Re-reading Shakespeare: Hamlet

(1) In his book On Shakespeare Northrop Frye talks a bit about problems and pseudo-problems in Hamlet. By pseudo-problems he basically means the kinds of thing that are open for debate but that you shouldn’t be worrying yourself about. However, he then goes on to say that “there’s no boundary in the play between the actual and the pseudo-problems” and that “there’s no other play in Shakespeare, which probably means no other play in the world, that raises so many questions of the ‘problem’ type.”

I’ve always had this warning running in the back of my head when thinking of problems I’ve had with Hamlet over the years. Am I only imagining pseudo-problems, or are they real?

Well, I think they’re real, if only because they’ve never gone away. Here are some examples:

First: why, in the opening scene, does Marcellus have to explain to Barnardo why he has brought Horatio along with him to see the Ghost? We’ve already been told that Barnardo was expecting Horatio and had already discussed the matter of the Ghost with him. So why does he need to be filled in again now? Of course, the short answer is that it’s a way of informing the audience about what’s going on, but this seems a really awkward way of doing it and Shakespeare usually isn’t awkward in his handling of such things.

Second: Before he takes his leave, Laertes makes a long speech to Ophelia warning her about Hamlet’s intentions and the gap in their respective stations. Then, right after he leaves, Polonius keeps after her on the same point. Why the repetition, especially when what’s being said doesn’t seem that well-grounded in the first place? Gertrude later says that she expected Hamlet to marry Ophelia, and apparently she was fine with that.

Third: why does Claudius get so upset at the action of the play-within-a-play when he’s just seen the dumbshow? He already knows what’s going to happen and how closely it mirrors his murder of Hamlet Senior. I’ve seen various explanations for his delayed reaction – that, for example, he tries to play it cool during the dumbshow, knowing what Hamlet is up to, but loses it as the story is fleshed out on stage – but I find such explanations unconvincing. The dumbshow serves no good purpose I can see, and only makes Claudius’s later guilt-ridden meltdown more confusing.

(2) Hamlet is a play that’s full of lines so well known that reading it seems like skimming through an anthology of famous quotations. But am I the only one who finds the whole “To be or not to be” speech flabby? Meanwhile, my favourite line in the play, for its sheer quotability, is one I don’t think I’ve ever heard anyone say outside of a theatre. It comes when Horatio sadly reflects on the fate of the court ass-kissers Rosencrantz and Guildenstern. They “go to’t” (meaning go to their deaths). Hamlet responds “Why, man, they did make love to this employment.” In other words, they were asking for it by taking on the job in the first place. I find I use this line a lot, as it has many everyday applications.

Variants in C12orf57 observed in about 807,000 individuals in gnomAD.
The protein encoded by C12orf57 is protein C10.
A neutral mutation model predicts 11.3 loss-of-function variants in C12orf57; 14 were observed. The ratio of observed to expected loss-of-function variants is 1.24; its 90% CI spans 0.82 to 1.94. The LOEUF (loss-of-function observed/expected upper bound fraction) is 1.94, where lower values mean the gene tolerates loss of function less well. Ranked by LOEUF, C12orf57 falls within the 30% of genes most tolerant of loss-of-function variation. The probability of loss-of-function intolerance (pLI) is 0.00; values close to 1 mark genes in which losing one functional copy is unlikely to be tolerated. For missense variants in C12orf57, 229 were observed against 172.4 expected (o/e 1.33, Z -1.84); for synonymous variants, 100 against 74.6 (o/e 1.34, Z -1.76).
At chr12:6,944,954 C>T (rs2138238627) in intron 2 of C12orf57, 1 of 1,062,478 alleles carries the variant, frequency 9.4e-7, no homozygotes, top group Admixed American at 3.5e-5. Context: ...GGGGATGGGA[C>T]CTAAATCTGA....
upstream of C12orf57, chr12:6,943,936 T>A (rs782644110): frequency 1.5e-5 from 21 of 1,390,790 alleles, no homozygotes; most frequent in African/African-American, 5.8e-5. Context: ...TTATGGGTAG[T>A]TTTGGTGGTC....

It’s weird how some lines become adopted into the cultural consciousness while others don’t. I mean, how many people really think about suicide the way Hamlet does? And yet “to be or not to be” lives on.

(3) Every time I read Hamlet I find myself struck by something new. In this latest re-reading here’s something that I smiled at. It comes when Polonius is warning Ophelia about Hamlet’s lovemaking:

The canker galls the infants of the spring
Too oft before their buttons be disclosed,
And in the morn and liquid dew of youth
Contagious blastments are most imminent.

The conceit being worked here is that Ophelia’s virginity is like a bud in the spring that a blight may kill. But those “contagious blastments” . . . I mean, given that the whole tenor of the passage is sexual I don’t think there’s any way he couldn’t have meant what in our day goes by a legion of pornographic euphemisms. It’s the money shot!

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On the utility of truth

Over at Goodreports I just posted my thoughts on Timothy Snyder’s little book On Tyranny. While I sympathize with a lot of what Snyder says, I think things are more complex than he makes them out to be (something I think he would agree with, as the book is meant only as a primer). One point in particular has to do with his warning about entering a post-truth era.

10: Believe in truth.

To abandon facts is to abandon freedom. If nothing is true, then no one can criticize power, because there is no basis on which to do so. If nothing is true, then all is spectacle. The biggest wallet pays for the most blinding lights.

You submit to tyranny when you renounce the difference between what you want to hear and what is actually the case. This renunciation of reality can feel natural and pleasant, but the result is your demise as an individual — and thus the collapse of any political system that depends upon individualism.